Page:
Father-Hood.co.uk X Daddilife
Hello everyone, no time for chit-chat, as I’m currently in great demand outside the confines of this website. I’m serious. In addition to helping new mums on Mush, launching a series of working dad workshops and making regular appearances on BBC Radio 5 Live, I’ve just finished a stint as a guest editor of Daddilife.
Daddilife is a fantastic website with a simple mission. It wants to create a place where dads can learn, grow and celebrate the life that is dad. It covers all sorts of subjects, but is particularly strong when it comes to providing advice for working dads. This is where I came in.
Daddilife’s Editor Han-Son Lee had read some of my work-related posts and liked the cut of my jib. He felt like I had a lot of interesting things to say about working as a dad, and asked me to put four pieces together for the site. I said yes and the rest is internet-breaking history.
Okay, so that’s not quite true, but it’s fair to say that the articles went down extremely well. Ooh, so what were they about? Good question. The headlines, main pics and introductions are below. These will give you an insight into the topics I covered, but if you want to read the full articles click “read more” and, hey presto, they will appear.
My four articles
1. A dad is for life not just paternity leave
“Paternity leave press releases ping into my inbox with increasingly regularity. The senders differ, but the content is the same. X, Y or Z company is improving its offering for dads by extending paternity leave to 12 weeks, three months or, hold the dirty nappy, the same package it offers to mums.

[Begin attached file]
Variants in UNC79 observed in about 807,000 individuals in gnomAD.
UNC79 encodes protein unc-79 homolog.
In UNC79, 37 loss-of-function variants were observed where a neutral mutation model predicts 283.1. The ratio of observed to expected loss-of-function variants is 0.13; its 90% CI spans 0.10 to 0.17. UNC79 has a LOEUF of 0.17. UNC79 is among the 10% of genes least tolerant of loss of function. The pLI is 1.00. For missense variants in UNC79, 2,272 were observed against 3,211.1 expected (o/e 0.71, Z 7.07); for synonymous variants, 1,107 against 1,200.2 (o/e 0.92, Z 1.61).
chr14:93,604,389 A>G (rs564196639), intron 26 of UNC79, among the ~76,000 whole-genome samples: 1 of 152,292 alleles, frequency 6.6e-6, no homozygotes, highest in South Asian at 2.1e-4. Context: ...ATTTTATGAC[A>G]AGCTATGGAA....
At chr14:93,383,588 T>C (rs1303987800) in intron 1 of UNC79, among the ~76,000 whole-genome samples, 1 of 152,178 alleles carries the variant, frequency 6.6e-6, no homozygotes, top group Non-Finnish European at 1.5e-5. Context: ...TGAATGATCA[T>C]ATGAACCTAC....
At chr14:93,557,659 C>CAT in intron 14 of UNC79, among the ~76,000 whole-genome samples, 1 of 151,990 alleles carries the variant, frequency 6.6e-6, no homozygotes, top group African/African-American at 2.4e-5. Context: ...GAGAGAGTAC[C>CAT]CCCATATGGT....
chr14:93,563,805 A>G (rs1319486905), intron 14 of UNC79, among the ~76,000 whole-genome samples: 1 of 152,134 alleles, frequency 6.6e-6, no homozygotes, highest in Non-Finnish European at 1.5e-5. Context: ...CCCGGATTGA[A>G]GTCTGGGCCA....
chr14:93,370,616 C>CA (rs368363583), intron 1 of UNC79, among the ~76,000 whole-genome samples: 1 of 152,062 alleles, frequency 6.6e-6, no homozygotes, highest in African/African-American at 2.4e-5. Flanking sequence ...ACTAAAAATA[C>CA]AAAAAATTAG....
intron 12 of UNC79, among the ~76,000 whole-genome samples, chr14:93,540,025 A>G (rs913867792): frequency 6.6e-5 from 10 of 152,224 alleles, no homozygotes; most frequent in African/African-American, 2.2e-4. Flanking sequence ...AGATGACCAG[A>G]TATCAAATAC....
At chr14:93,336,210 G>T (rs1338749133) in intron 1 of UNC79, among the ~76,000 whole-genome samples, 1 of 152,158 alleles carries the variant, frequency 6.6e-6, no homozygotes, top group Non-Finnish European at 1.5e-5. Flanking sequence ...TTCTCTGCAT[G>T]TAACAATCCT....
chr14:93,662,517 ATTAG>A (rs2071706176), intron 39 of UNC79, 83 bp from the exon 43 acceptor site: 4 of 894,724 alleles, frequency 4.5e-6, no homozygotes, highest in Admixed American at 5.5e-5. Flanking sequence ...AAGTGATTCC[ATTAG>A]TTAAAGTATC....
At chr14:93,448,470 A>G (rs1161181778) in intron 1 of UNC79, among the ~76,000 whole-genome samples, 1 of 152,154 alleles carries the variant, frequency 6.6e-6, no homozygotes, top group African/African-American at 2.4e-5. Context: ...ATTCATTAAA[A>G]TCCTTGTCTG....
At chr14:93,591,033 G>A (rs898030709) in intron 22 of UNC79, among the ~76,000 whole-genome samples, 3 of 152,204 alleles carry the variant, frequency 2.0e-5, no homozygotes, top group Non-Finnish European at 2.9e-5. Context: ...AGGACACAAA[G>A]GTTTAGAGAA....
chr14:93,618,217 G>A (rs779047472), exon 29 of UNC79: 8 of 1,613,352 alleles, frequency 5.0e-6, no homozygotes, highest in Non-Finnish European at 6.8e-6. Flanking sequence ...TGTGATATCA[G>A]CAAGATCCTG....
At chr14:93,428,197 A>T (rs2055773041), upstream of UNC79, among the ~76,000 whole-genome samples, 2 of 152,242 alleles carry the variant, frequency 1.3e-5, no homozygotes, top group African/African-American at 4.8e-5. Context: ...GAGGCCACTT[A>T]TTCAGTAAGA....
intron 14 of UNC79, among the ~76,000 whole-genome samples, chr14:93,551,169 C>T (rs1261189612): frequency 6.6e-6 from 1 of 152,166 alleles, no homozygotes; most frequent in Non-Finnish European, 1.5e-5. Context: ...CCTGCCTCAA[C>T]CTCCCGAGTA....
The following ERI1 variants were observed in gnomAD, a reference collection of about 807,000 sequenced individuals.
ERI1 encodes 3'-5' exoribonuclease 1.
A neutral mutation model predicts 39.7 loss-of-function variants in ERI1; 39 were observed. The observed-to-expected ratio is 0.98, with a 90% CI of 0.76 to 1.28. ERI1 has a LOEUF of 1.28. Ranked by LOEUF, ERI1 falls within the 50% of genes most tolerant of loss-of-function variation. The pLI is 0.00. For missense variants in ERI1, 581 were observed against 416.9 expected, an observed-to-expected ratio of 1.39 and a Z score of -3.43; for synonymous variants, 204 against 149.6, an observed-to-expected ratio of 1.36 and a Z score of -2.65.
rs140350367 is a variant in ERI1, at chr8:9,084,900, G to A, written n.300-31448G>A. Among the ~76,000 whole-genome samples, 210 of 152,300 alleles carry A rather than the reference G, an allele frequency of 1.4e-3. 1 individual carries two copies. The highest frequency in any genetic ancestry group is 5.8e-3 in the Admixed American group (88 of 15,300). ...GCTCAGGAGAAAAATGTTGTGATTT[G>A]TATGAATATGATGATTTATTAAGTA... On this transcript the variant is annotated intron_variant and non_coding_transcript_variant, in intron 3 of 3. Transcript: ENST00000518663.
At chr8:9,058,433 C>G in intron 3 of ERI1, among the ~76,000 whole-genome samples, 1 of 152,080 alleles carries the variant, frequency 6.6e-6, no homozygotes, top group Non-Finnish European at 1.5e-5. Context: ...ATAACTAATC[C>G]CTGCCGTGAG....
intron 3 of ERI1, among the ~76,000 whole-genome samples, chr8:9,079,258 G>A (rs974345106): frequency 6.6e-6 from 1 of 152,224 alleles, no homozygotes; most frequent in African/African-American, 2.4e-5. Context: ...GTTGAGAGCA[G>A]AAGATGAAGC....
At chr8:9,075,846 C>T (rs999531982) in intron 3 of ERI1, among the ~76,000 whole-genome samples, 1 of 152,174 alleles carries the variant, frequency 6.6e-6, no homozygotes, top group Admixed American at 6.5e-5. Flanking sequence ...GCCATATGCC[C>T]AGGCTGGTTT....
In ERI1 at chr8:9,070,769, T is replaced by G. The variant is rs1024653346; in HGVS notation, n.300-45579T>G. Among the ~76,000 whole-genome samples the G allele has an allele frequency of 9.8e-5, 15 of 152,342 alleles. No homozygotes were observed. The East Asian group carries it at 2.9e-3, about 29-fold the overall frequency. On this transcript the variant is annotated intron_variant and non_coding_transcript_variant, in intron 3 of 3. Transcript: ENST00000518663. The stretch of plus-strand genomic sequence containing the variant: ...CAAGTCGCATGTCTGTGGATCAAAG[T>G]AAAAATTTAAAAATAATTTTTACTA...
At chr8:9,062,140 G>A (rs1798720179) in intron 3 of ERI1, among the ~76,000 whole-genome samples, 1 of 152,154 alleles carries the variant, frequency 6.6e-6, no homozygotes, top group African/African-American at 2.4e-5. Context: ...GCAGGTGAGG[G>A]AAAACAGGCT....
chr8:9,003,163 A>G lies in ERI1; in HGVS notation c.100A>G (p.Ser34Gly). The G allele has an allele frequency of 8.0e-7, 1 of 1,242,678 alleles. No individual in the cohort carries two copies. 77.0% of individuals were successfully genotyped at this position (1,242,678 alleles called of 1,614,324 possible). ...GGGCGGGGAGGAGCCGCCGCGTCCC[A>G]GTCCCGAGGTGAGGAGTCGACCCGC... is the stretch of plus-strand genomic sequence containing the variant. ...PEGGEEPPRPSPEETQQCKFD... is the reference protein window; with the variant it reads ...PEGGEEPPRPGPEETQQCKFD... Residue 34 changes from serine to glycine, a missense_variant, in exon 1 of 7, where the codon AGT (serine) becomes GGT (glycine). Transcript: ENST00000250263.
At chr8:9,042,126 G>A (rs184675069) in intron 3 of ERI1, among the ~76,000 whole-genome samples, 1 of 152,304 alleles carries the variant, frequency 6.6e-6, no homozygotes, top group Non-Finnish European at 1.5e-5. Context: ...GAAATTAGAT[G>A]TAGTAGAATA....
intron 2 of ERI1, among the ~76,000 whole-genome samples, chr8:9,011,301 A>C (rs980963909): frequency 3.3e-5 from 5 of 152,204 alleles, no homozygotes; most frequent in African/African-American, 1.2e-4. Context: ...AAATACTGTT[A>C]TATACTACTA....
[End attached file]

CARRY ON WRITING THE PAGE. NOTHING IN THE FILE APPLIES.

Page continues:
I get why this is a big deal. And I understand that these employers deserve to be lauded and applauded for these forward-thinking policy changes. But I always find myself reading these announcements and pondering the same question over and over again. What happens next? When these paternity leave periods are over, do the dads come back to a world of flexible working, peer support and parental responsibility recognition, or is it more a case of: “Hope you had a fun holiday, now let’s get back to business?”” Read more…
2. Contracting as a dad
“With AI allowing more jobs to be completed remotely and an increasing number of workers placing a premium on flexibility, the number of Britons freelancing is on the rise. The latest figures from the Office for National Statistics reveal that the number of self-employed workers in the UK labour market grew from 3.3 million in 2001 to 4.8 million in 2017. While data collated by Simply Business shows that there has been a 31% annual rise in workers looking to go freelance.
In light of these figures, I thought I’d use my guest editorship of the Dads at Work hub to give you a message. Which is… don’t do it!” Read more…
3. The loneliness of the middle-aged male
“A few weeks ago, recruitment company boss Mark Gaisford posted a video on LinkedIn titled “I have no friends”. The upload went viral, engaging men across the globe and collecting more than 1.1 million views. Why? Because although he was alone, Mark is not alone.
Last September, a poll conducted by YouGov found that 18% of men do not have any close friends and 32% do not have someone they count as a best friend. And last June, the Movember charity released a research paper, which revealed that 20% of dads lose close friends in the 12 months after they become a father.” Read more…
4. How to work from home efficiently when you have kids
“What do modern parents want? Flexible working. When do we want it? Now. The rise of Anna Whitehouse’s Flex Appeal campaign proves this. As does MP Helen Whately’s decision to introduce the Flexible Working Bill to parliament. And then there are the results of Daddilife’s The Millennial Dad at Work report. It polled over 2,000 working dads between the ages of 24 and 40 and discovered that 63% of dads had requested a change in their working pattern since becoming a father.” Read more…
And that’s all for now, folks. I hope you enjoyed the articles and look forward to sharing more of my guest posts soon.
Until next time…